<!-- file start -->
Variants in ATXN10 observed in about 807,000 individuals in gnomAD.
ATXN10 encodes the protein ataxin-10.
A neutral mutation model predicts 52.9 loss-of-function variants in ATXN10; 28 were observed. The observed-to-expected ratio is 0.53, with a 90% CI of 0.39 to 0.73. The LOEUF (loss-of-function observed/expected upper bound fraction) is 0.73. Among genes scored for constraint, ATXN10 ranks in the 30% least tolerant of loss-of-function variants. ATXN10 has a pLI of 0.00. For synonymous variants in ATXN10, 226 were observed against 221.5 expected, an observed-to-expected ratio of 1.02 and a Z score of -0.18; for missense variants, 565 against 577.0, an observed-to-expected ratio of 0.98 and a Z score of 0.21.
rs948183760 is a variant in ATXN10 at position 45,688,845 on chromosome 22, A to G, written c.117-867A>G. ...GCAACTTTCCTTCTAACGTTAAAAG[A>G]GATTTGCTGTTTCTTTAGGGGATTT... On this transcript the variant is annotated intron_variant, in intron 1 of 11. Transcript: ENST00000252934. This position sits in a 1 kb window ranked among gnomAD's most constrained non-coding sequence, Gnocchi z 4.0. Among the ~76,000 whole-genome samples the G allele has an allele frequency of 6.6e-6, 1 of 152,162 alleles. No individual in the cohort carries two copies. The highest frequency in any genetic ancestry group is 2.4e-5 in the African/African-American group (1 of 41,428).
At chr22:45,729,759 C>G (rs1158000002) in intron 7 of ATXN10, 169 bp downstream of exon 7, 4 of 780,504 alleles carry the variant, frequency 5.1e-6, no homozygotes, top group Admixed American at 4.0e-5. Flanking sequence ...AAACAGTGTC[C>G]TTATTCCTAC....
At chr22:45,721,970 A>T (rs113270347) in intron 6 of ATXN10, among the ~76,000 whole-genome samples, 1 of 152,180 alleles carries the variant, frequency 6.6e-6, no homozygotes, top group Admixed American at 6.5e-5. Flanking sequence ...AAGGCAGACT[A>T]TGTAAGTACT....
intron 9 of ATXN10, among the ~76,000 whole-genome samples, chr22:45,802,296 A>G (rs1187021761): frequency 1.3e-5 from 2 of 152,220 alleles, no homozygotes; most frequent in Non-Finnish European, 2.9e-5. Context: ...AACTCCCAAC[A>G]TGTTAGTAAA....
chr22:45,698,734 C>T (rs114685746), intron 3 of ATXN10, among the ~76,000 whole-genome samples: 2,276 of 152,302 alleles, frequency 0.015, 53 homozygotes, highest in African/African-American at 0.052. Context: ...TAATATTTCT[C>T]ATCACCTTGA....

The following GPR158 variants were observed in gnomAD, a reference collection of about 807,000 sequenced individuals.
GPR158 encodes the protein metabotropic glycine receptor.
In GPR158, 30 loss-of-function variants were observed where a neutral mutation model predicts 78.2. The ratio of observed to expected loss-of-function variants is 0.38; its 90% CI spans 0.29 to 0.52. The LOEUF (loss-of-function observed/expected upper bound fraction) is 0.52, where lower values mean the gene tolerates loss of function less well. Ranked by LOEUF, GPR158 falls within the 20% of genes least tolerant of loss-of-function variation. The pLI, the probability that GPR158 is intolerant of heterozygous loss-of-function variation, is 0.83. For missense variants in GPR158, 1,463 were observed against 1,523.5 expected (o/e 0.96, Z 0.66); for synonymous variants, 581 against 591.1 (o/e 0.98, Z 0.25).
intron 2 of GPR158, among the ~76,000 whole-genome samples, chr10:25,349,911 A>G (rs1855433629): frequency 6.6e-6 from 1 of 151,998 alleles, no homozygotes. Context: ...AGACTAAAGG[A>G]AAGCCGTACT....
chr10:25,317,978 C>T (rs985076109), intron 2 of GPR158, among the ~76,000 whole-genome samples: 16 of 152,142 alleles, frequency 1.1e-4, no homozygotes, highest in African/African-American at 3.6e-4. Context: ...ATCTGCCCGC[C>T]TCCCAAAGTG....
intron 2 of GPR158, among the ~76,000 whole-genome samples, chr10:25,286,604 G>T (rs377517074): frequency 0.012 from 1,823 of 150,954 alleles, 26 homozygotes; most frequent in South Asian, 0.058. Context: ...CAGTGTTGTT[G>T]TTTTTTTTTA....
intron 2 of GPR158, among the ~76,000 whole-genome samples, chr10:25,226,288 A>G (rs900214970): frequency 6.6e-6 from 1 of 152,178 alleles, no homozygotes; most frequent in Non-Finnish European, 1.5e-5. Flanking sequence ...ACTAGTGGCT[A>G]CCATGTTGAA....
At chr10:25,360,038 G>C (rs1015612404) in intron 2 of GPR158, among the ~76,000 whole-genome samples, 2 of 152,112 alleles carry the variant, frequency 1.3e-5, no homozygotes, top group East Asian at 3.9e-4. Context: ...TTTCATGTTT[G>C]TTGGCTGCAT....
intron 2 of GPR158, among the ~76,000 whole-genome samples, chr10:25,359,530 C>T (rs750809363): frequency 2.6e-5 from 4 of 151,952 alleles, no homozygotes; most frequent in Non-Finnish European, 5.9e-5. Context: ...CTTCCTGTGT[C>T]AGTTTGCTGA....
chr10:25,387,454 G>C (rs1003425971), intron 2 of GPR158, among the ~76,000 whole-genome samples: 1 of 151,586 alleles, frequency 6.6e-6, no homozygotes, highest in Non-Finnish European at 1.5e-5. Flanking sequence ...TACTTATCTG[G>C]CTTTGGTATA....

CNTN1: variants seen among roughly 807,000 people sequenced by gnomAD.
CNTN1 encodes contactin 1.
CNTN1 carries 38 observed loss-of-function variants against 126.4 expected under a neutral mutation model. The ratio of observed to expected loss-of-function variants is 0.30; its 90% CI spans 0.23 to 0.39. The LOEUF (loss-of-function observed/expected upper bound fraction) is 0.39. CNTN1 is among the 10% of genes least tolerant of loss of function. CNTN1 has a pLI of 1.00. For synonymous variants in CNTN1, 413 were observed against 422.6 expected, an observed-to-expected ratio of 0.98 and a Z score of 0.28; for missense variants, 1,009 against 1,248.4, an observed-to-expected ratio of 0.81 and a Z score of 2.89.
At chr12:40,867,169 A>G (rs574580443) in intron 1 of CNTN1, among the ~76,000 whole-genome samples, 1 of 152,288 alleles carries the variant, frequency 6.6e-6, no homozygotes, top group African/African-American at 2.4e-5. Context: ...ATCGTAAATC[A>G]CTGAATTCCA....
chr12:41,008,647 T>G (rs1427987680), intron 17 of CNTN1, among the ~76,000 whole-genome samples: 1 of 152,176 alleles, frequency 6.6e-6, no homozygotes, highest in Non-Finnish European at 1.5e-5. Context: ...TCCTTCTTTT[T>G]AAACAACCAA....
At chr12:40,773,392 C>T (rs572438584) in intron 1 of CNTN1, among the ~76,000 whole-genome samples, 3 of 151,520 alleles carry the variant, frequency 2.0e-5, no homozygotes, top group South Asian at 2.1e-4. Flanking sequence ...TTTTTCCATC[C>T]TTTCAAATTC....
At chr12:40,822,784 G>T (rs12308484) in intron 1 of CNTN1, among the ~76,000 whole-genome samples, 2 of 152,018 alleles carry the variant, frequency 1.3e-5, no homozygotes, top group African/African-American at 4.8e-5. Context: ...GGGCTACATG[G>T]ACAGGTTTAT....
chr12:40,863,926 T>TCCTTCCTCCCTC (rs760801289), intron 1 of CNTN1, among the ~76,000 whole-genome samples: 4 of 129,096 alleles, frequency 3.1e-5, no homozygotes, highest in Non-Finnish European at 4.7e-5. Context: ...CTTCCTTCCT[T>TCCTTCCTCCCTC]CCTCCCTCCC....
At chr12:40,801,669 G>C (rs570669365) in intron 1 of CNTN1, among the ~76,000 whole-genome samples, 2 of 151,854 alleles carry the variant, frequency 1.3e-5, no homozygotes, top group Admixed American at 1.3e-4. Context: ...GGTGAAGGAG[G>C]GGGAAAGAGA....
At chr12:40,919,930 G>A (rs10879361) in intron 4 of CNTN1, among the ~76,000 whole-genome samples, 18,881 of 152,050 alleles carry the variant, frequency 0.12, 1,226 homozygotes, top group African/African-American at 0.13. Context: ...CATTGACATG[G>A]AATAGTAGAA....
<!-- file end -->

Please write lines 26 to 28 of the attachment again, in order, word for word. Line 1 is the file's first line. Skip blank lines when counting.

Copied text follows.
chr12:40,863,926 T>TCCTTCCTCCCTC (rs760801289), intron 1 of CNTN1, among the ~76,000 whole-genome samples: 4 of 129,096 alleles, frequency 3.1e-5, no homozygotes, highest in Non-Finnish European at 4.7e-5. Context: ...CTTCCTTCCT[T>TCCTTCCTCCCTC]CCTCCCTCCC....
At chr12:40,801,669 G>C (rs570669365) in intron 1 of CNTN1, among the ~76,000 whole-genome samples, 2 of 151,854 alleles carry the variant, frequency 1.3e-5, no homozygotes, top group Admixed American at 1.3e-4. Context: ...GGTGAAGGAG[G>C]GGGAAAGAGA....
At chr12:40,919,930 G>A (rs10879361) in intron 4 of CNTN1, among the ~76,000 whole-genome samples, 18,881 of 152,050 alleles carry the variant, frequency 0.12, 1,226 homozygotes, top group African/African-American at 0.13. Context: ...CATTGACATG[G>A]AATAGTAGAA....